Learn more about how to claim carers allowance and what financial support is available for young carers 

A young carer named Abi

Caring for someone with a disability or illness is something that makes a difference to your everyday life. 

If you’re a young carer it can be tough to do all this while keeping up with your school work or finding free time for yourself. Worrying about a loved one and how you’re going to care for them ­– as well as how your caring duties are going to affect your own future – can put a real strain on both your physical and mental health. And when it comes to managing money things can get even tougher. 

What financial help can I get?

After you leave school, whether you decide to continue in education or go into employment, you are still entitled to an assessment of your needs that should consider the impacts of your caring responsibilities or a ‘transition’ assessment to specifically discuss your options for the future and how you can be supported to meet your goals.  

Bursary Fund:

If you are interested in continuing in education and need some financial support you may be eligible to apply for a 16 to 19 Bursary Fund to help with some studying costs, such as equipment and travel expenses. The bursary is paid directly by the school, college or training provider. They will decide how much is paid and when you will receive the payment. You should contact your school or college for support to make an application.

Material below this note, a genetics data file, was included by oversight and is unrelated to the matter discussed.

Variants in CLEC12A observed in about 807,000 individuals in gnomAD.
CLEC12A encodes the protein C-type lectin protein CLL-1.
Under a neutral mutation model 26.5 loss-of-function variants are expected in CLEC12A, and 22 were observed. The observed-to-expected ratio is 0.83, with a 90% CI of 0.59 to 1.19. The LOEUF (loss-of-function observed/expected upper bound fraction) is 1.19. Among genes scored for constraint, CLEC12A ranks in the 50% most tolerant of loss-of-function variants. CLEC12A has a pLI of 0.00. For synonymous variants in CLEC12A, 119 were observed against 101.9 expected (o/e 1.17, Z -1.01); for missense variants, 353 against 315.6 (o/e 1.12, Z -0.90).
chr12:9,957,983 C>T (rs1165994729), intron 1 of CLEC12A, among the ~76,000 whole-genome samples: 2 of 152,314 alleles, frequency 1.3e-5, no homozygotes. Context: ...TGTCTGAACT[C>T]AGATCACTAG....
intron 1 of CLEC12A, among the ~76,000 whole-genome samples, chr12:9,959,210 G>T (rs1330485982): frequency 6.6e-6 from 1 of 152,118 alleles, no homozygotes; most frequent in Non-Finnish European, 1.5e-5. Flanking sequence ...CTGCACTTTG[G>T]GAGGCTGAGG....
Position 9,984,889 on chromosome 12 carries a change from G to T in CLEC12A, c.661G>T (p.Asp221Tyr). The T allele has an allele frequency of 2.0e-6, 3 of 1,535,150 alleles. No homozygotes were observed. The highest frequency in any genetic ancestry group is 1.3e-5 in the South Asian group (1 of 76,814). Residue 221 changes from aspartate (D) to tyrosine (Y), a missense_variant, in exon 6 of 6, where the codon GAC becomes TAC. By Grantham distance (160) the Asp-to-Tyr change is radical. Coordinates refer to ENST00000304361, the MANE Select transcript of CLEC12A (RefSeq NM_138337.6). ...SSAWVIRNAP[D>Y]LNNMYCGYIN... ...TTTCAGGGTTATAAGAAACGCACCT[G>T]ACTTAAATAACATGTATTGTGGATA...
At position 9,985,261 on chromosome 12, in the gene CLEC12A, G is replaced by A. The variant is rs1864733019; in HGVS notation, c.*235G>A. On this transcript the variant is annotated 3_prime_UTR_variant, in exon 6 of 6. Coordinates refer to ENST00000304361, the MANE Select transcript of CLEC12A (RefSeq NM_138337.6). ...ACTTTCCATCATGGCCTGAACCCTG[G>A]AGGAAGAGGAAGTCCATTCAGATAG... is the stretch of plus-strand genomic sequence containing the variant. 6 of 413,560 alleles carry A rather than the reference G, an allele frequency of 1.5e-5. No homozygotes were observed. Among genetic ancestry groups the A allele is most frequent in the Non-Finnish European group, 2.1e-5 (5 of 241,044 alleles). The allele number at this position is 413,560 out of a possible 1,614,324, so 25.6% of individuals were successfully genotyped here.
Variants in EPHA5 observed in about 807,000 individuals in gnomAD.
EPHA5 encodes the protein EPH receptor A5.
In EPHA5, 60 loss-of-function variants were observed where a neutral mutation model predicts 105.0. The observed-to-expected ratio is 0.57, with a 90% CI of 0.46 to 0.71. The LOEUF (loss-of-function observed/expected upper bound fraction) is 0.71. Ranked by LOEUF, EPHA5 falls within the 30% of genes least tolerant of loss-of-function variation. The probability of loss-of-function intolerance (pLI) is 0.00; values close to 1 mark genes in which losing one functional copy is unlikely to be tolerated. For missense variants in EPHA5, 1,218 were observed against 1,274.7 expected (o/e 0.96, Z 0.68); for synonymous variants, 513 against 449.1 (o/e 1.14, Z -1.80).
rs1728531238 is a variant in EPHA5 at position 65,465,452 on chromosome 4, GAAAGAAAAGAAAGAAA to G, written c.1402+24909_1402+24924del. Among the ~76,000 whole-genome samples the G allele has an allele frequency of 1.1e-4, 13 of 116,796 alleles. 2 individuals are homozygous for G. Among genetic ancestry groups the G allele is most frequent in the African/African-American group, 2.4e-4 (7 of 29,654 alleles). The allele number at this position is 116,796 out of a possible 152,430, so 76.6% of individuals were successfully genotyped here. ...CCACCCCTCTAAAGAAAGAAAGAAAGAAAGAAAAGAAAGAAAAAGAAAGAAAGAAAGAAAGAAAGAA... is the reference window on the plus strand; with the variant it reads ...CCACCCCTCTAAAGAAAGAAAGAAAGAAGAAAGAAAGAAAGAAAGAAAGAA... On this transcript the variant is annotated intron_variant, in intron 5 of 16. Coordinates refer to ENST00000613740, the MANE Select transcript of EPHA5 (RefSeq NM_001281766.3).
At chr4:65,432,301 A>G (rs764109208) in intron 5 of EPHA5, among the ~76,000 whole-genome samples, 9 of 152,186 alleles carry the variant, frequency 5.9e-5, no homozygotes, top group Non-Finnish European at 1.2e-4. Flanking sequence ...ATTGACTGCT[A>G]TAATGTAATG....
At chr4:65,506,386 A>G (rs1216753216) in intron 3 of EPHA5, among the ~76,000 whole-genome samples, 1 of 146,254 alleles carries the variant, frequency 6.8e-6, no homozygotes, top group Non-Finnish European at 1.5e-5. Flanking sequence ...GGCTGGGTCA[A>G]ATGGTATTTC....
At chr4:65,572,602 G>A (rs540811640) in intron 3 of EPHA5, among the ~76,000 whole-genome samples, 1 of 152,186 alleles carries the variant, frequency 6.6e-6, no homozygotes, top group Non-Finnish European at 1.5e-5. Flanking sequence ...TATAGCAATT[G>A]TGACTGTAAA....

‘I’ve been accepted into five universities, so I’m going off next year to do media practice. I’m so proud I’ve got that far.’ – Abi  

Carers Allowance:

If you are in part time education or employment when you turn 16 and are also still taking on a high level of care, you might be entitled to some financial support through a ‘Carers Allowance’, which is a grant that gives you £62.70 a week to help you with your caring duties. 

You can claim Carers Allowance if you meet all three of the following criteria:

  • you’re over 16
  • you spend over 35 hours a week caring for someone who is accessing a disability living support benefit (such as Personal Independence Payments, Disability Living Allowance, Armed Forces Independence Payments or Attendance Allowance)
  • you are not in full time education.

However, claiming Carers Allowance may affect other benefits that you or the person you care for receives, which could result in a reduction of other financial benefits. 

Always seek advice first to ensure this is the best decision for you. To find out more visit The Goverment website or you can find more financial and benefit information on the Citizen Advice Bureau website.

Carer Premium:

The ‘Carer Premium’ is a means-tested (based on your income) extra payment of up to £34.95 a week that can sometimes be included in  the calculation of benefits you might receive  on top of  Carers Allowance if you are eligible.

If you receive Income Support, Income-based Jobseeker’s Allowance, Housing Benefit, or Universal Credit you should contact the people who award you these (their details will be on letters they send you) and let them know you’ve been awarded Carer’s Allowance, so they can add the Carer Premium to your payment.

Further advice and support

For more advice and resources to support your education, well-being and health visit our young carers website.